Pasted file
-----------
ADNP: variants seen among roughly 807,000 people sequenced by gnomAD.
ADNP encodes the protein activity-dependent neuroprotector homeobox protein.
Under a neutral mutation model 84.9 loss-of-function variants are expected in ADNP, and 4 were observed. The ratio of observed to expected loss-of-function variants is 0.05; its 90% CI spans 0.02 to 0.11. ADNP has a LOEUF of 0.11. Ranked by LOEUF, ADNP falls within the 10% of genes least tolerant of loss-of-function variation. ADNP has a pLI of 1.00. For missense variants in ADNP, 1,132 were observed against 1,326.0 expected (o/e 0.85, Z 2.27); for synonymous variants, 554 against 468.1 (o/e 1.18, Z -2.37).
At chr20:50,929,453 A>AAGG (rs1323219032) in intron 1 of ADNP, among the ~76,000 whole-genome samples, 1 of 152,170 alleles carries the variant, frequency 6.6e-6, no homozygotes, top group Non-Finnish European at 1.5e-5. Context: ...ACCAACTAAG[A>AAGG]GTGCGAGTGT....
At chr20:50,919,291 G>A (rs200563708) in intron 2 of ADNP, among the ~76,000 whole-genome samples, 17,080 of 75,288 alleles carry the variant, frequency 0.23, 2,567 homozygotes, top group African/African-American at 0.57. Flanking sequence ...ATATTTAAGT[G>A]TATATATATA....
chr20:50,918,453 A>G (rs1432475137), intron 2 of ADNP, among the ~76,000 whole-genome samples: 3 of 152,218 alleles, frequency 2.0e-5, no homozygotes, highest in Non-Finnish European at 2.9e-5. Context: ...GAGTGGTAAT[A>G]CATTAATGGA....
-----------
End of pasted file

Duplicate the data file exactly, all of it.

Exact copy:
ADNP: variants seen among roughly 807,000 people sequenced by gnomAD.
ADNP encodes the protein activity-dependent neuroprotector homeobox protein.
Under a neutral mutation model 84.9 loss-of-function variants are expected in ADNP, and 4 were observed. The ratio of observed to expected loss-of-function variants is 0.05; its 90% CI spans 0.02 to 0.11. ADNP has a LOEUF of 0.11. Ranked by LOEUF, ADNP falls within the 10% of genes least tolerant of loss-of-function variation. ADNP has a pLI of 1.00. For missense variants in ADNP, 1,132 were observed against 1,326.0 expected (o/e 0.85, Z 2.27); for synonymous variants, 554 against 468.1 (o/e 1.18, Z -2.37).
At chr20:50,929,453 A>AAGG (rs1323219032) in intron 1 of ADNP, among the ~76,000 whole-genome samples, 1 of 152,170 alleles carries the variant, frequency 6.6e-6, no homozygotes, top group Non-Finnish European at 1.5e-5. Context: ...ACCAACTAAG[A>AAGG]GTGCGAGTGT....
At chr20:50,919,291 G>A (rs200563708) in intron 2 of ADNP, among the ~76,000 whole-genome samples, 17,080 of 75,288 alleles carry the variant, frequency 0.23, 2,567 homozygotes, top group African/African-American at 0.57. Flanking sequence ...ATATTTAAGT[G>A]TATATATATA....
chr20:50,918,453 A>G (rs1432475137), intron 2 of ADNP, among the ~76,000 whole-genome samples: 3 of 152,218 alleles, frequency 2.0e-5, no homozygotes, highest in Non-Finnish European at 2.9e-5. Context: ...GAGTGGTAAT[A>G]CATTAATGGA....